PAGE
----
“I could have…I would have…I should have…”
Albert said these words more than once after his service in the Korean War. He came out of the military to a wife and small daughter and took a job working the yard of a small local lumber business.
He continued to work in businesses that other people owned for the remainder of his life. He lamented that he never tried to start his own business or buy an existing one where he could be the boss. It was an unfulfilled dream he kept throughout his life.
“I could have, but…” He had the education, business experience, work ethic and intelligence to run a successful business. But he didn’t do it.
“I would have, but…” He had more than one opportunity to start his own business or take over an existing one, but he always declined.
“I should have, but…” He came to regret the missed opportunities. Most of all, he regretted never knowing if he could have succeeded at it.
In Albert’s case, what held him back was love for his family. He put his wife and children (there were eventually six of us) ahead of himself. He thought it would be too much of a risk to try to start a business when he had small children at home.
The baby in the family was three months past her high school graduation when Albert died in 1991. By the time his children were grown, it was too late for him to fulfill his dream. He was afraid to give up a weekly paycheck and guaranteed benefits, even if taking the risk could mean bigger paychecks and better benefits down the line.
Veteran Entrepreneurs Since WWII
Fast forward to the present, and the U.S. is welcoming veterans back from war once again. Veterans, their needs and the debt the country owes them is a hot-button issue.
One aspect of this focus on veterans is their impact on the American economy. The U.S. government collects data on returning veterans to study their economic influence, and the results are startling. In its 2016 white paper Self-employment in the United States, the U.S. Bureau of Labor Statistics reported rates of veteran self-employment from the different military eras as follows: WWII (40 percent), the Korean War (15.3 percent) and the Vietnam era (8.7 percent). By contrast, Gulf War II veterans recorded only 4.5 percent who took the entrepreneurial route.
The Small Business Administration (SBA) says that breaks down to one veteran-owned business for every 10 veterans.
These numbers stand in contrast to a survey done by Syracuse University’s Institute for Veterans and Military Families. Done in 2013, this study found 58 percent of the veterans and military family respondents showed interest in entrepreneurship and emerging enterprise.
Most will readily agree that military training develops the skills a successful entrepreneur needs. Veterans tend to be comfortable with doing things independently and take their own self-efficiency seriously. They exhibit a high level of ambition and a desire for achievement. Veterans also demonstrate the important ability to make effective decisions.
So why aren’t more veterans transitioning into their own businesses? Where is the entrepreneurial spirit in today’s veterans?
Why Aren’t Veterans Starting Businesses?
There seems to be a trend toward a “get a job and settle” mentality among many vets, according to Joseph Kopser, co-founder of RideScout and an Army veteran. He points to a lack of in-service entrepreneurial mentors for current military members.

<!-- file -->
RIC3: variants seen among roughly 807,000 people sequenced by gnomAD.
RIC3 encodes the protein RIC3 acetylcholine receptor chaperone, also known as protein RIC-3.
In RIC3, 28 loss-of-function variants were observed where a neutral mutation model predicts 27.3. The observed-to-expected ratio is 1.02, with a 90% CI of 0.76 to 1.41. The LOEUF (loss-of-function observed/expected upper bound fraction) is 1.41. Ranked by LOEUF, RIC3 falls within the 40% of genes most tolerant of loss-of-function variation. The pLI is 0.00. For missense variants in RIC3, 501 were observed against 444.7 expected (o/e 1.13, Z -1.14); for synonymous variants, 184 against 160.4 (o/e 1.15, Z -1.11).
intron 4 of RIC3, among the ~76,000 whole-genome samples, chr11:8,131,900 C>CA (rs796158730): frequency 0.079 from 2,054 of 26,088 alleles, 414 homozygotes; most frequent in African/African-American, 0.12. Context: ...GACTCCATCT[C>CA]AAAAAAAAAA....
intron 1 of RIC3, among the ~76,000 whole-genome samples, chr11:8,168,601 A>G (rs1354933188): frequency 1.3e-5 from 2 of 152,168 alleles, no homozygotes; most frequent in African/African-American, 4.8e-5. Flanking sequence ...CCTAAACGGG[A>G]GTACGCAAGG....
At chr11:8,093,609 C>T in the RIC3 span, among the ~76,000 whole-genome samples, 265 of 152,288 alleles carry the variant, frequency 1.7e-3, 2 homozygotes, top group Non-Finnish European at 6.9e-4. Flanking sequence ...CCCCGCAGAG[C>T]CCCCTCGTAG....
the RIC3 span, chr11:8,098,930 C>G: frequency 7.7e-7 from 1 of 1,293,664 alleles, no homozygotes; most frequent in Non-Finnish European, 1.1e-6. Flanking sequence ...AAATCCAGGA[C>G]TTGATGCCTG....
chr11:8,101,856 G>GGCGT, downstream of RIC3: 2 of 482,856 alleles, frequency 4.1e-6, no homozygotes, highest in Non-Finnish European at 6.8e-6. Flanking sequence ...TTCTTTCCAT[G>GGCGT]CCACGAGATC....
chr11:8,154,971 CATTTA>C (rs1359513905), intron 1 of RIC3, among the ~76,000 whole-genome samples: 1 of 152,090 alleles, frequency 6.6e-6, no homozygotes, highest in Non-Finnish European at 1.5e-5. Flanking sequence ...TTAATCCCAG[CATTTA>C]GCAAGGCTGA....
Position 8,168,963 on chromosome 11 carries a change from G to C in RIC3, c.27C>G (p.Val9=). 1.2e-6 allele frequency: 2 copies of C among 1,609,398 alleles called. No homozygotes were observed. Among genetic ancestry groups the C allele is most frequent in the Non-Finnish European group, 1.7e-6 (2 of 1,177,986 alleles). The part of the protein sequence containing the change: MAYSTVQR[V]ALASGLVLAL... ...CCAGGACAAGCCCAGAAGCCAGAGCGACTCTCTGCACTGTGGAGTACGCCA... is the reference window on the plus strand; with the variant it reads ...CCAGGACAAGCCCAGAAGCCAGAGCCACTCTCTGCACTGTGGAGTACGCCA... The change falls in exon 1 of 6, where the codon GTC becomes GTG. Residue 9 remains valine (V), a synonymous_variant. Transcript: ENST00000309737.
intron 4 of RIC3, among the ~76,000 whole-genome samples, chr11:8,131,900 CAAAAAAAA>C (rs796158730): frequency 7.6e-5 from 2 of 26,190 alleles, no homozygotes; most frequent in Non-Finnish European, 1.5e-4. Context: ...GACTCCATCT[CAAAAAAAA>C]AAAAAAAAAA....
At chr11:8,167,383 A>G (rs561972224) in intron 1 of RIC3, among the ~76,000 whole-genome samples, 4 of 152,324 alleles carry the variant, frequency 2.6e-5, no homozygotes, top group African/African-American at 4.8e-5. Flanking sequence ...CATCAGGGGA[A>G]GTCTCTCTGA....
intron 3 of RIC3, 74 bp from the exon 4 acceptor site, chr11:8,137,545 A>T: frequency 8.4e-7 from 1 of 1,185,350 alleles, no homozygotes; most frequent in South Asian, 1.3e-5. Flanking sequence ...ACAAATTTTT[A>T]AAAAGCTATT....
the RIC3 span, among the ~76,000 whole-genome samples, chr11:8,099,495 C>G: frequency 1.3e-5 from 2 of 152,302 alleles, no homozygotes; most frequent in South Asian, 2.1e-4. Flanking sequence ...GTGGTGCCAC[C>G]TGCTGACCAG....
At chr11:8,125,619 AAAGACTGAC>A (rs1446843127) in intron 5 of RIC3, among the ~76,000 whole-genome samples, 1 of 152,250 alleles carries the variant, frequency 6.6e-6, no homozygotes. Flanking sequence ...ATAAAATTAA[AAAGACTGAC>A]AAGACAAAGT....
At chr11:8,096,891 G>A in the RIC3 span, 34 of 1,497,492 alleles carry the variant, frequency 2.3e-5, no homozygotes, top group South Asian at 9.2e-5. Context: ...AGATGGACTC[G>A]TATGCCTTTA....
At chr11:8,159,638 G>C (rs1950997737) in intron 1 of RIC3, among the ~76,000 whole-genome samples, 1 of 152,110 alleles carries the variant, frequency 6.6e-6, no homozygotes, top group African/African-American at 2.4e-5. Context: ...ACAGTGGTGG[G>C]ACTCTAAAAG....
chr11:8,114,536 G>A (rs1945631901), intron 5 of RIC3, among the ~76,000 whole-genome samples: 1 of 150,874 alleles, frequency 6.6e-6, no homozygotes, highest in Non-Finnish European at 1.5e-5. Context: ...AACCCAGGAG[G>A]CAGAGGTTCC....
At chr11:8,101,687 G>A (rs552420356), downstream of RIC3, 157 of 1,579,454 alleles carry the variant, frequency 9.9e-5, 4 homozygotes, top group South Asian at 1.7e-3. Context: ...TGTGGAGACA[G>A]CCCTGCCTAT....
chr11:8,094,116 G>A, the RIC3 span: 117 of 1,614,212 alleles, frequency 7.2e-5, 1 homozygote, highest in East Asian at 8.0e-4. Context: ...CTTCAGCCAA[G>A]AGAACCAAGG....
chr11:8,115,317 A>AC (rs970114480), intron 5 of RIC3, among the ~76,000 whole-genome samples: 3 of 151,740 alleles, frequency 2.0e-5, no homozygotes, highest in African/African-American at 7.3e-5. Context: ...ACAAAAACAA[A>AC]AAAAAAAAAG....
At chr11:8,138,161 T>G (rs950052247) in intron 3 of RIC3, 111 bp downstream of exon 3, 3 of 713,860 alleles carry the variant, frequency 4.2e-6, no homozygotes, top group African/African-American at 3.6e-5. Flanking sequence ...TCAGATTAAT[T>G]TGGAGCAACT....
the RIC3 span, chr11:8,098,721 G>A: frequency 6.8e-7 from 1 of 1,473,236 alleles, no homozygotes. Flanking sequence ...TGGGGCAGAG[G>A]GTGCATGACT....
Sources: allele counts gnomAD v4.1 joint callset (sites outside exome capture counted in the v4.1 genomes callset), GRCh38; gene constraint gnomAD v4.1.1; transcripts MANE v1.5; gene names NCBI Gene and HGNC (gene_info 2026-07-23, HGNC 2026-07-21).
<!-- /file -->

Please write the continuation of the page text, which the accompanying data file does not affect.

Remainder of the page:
“There seems to be a trend toward a “get a job and settle” mentality among many vets” – Joseph Kosper, co-founder of RideScout
When vets aren’t starting their own businesses, it creates a debilitating cycle. New businesses create new jobs; veteran-owned businesses create jobs with environments that fit those returning from warfare. Fewer veteran-founded companies means fewer bosses connect with and understand the difficulties of reintegrating after going to war.
In spite of these obstacles, veterans are still more likely to be self-employed than non-veterans.
Where to Start?
The first step, of course, is deciding what type of business to start. The SBA lists the top industries in the U.S. and the percentage of those firms owned by veterans. Finance and insurance industries came in on top, with 13.2 percent of firms in this category started by veterans.
The next step involves getting your plan in order and getting your legal ducks in a row. Now comes the funding part; take it slow to weave through the funding process. Keep an eye on the prize and it’ll be fine.
To grow a business into a successful one, there must be customers. This is the beauty of the insurance industry, and one reason it comes in so high on the SBA list. An insurance business can begin on the side while transitioning out of the military. It makes for a great part-time home-based business.
“I Would Have, But…”
Albert fell into the trap of the regular paycheck. He couldn’t envision life without it and wasn’t willing to risk his family’s well-being on a chance to break the weekly paycheck grind. His family respected that choice and loved him dearly for it. Albert provided for his family until his dying day.
Oh, but if he had taken that chance…
The opportunities are there if any veteran wants to take advantage of them. There are far more resources open to vets now than there were after WWII or the Korean War. Yet those servicemen and women were an entrepreneurial generation, and thus a job-creating one.
Life goes by swiftly. Make certain to be the boss of it.
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